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   Taiwan Security Enhancement Act (TSEA)

Introduction of S. 693 - A bill to assist in the enhancement of the security of Taiwan, and for other purposes.

Referred to the Committee on Foreign Relations.

On March 24, 1999, a bi-partisan group of Senators introduced the "Taiwan Security Enhancement Act." This bill is to ensure that the United States is fulfilling its obligations to Taiwan as specified by the Taiwan Relations Act. The bill also points out in its findings that "Any determination of the ultimate status of Taiwan must have the express consent of the people on Taiwan." A House version was introduced on May 18, 1999.

In Sections 3(a) and 3(b) of the Taiwan Relations Act, the United States is obliged to provide defensive arms to Taiwan based solely upon the judgment of the United States regarding Taiwan's needs, not upon Beijing's opinion or reaction. Although the Taiwan Relations Act has worked reasonably well for the last 20 years, but recent trends of the Chinese military build-up disclose the need for efforts by the United States to be stepped up to fill the voids left in the Taiwan Relations Act.

From the Pentagon report entitled "The Security Situation in the Taiwan Straits" submitted to the Congress, it stated that China has been and will continue to deploy a large number of missiles directly across the strait from Taiwan . In fact, according to media reports, China already has more than 150 such missiles aimed at Taiwan and plans to increase the number to 650 during the next few years.

The Pentagon report also makes clear that China's vast quantitative edge over Taiwan in naval and air power, coupled with China's ongoing modernization drive, will prove overwhelming in any sort of military confrontation. The Pentagon report concludes that Taiwan's future success in deterring Chinese aggression will be "dependent on its continued acquisition of modern arms, technology and equipment and its ability to deal with a number of systemic problems' such as logistics. "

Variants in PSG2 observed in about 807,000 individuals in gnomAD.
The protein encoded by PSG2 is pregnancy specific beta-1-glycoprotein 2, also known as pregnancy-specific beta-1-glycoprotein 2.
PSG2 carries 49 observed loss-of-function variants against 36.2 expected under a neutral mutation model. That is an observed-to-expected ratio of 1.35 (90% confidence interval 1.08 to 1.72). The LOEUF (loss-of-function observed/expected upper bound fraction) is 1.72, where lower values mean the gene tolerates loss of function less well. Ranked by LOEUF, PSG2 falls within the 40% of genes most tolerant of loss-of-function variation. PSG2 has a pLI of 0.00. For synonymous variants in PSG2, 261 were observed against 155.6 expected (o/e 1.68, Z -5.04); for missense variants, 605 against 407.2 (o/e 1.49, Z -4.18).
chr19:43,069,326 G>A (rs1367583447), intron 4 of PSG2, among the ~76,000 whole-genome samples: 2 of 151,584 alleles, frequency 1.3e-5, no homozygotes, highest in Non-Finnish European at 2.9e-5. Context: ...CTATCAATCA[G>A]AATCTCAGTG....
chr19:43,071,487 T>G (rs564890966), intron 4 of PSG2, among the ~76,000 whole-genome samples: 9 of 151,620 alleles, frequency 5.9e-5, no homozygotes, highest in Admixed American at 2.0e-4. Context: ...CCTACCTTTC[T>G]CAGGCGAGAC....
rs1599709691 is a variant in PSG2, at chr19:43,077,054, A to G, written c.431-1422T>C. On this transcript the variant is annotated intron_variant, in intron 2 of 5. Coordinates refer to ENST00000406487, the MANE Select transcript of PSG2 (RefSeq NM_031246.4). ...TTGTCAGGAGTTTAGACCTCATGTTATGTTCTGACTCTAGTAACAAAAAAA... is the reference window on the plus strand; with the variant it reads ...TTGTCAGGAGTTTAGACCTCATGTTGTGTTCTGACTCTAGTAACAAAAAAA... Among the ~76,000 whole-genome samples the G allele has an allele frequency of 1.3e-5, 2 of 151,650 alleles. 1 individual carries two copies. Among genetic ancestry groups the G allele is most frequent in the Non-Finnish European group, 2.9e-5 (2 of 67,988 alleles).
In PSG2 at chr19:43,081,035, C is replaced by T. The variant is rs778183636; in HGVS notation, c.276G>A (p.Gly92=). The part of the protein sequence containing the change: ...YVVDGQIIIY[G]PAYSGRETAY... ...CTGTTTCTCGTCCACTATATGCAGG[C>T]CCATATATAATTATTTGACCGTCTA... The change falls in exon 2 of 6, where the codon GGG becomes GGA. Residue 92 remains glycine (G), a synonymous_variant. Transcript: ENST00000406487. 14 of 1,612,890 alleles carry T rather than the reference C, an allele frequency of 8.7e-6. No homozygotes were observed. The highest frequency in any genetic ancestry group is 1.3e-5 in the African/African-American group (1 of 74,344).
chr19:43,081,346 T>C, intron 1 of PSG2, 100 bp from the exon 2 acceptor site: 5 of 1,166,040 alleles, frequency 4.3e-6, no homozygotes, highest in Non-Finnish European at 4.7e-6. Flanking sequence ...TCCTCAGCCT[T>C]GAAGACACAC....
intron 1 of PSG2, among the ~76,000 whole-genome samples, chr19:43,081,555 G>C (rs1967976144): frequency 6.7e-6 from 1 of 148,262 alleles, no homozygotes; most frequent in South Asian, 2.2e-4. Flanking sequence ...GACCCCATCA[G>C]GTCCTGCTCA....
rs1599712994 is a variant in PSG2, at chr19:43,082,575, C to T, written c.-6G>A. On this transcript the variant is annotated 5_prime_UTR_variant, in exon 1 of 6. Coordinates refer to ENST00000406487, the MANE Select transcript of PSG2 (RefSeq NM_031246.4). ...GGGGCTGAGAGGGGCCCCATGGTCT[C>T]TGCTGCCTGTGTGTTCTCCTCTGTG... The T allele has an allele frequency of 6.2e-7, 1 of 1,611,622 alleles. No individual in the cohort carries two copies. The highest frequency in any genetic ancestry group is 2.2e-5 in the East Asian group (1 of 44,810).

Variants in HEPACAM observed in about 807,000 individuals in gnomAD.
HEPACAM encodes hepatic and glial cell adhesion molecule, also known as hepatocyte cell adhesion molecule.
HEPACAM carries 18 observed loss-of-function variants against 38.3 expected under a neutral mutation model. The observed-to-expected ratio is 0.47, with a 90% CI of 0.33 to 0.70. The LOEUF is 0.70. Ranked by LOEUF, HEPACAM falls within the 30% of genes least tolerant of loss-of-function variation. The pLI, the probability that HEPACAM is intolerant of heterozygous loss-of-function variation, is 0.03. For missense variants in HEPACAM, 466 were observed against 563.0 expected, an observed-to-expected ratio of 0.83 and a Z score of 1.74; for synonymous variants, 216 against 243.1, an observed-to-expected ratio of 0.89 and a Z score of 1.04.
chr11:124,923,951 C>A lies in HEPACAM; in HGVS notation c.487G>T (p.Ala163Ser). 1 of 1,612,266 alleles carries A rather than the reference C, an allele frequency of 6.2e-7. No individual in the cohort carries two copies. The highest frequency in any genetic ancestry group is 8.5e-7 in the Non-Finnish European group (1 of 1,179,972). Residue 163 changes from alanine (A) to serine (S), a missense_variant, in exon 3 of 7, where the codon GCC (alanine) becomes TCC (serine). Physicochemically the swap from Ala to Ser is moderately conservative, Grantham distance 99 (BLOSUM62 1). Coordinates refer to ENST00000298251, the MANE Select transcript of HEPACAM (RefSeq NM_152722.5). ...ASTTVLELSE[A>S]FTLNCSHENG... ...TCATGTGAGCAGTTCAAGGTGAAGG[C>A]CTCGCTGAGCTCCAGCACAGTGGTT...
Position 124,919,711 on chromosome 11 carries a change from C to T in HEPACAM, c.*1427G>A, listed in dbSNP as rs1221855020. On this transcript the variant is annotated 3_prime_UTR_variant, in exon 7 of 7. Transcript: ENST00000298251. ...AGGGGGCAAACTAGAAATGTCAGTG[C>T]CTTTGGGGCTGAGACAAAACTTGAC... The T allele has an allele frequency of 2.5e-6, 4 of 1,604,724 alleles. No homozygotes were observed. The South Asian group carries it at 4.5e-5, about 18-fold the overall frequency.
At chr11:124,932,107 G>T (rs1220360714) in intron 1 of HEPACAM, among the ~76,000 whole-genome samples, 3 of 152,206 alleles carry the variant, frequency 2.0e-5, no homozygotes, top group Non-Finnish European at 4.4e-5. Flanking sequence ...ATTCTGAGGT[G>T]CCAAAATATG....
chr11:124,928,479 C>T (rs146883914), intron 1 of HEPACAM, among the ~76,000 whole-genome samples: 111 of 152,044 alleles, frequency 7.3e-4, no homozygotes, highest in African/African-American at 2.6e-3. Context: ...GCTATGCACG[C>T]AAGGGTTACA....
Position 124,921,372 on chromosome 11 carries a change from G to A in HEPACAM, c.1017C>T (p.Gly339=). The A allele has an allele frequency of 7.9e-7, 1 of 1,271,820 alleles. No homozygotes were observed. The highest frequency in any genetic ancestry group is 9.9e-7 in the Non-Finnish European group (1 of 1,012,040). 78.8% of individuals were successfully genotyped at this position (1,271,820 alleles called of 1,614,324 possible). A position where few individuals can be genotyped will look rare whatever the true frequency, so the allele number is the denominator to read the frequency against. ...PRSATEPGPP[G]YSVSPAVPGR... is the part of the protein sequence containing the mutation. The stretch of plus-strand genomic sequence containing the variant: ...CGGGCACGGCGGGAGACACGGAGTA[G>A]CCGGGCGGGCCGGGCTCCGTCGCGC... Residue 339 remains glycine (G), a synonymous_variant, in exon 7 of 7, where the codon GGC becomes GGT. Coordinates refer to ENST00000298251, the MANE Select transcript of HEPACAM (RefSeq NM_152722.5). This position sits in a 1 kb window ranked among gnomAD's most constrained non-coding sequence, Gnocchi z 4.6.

Given China's threatening military buildup, the U.S. Congress expresses its position that it is high time to begin a discussion of whether the United States ought to be doing more in the way of exchanges in training and planning with Taiwan's military. The Taiwan military has operated in virtual isolation for 20 years, and this has certainly contributed to some of the systemic problems alluded to in the Pentagon report.

According to Dr. Bob Sutter -senior specialist in international politics, foreign affairs and defense at the Congressional Research Service- "the Act will effectively deal with the situation in which the security of Taiwan is threatened due to the imbalance of military power across the Taiwan Straits."

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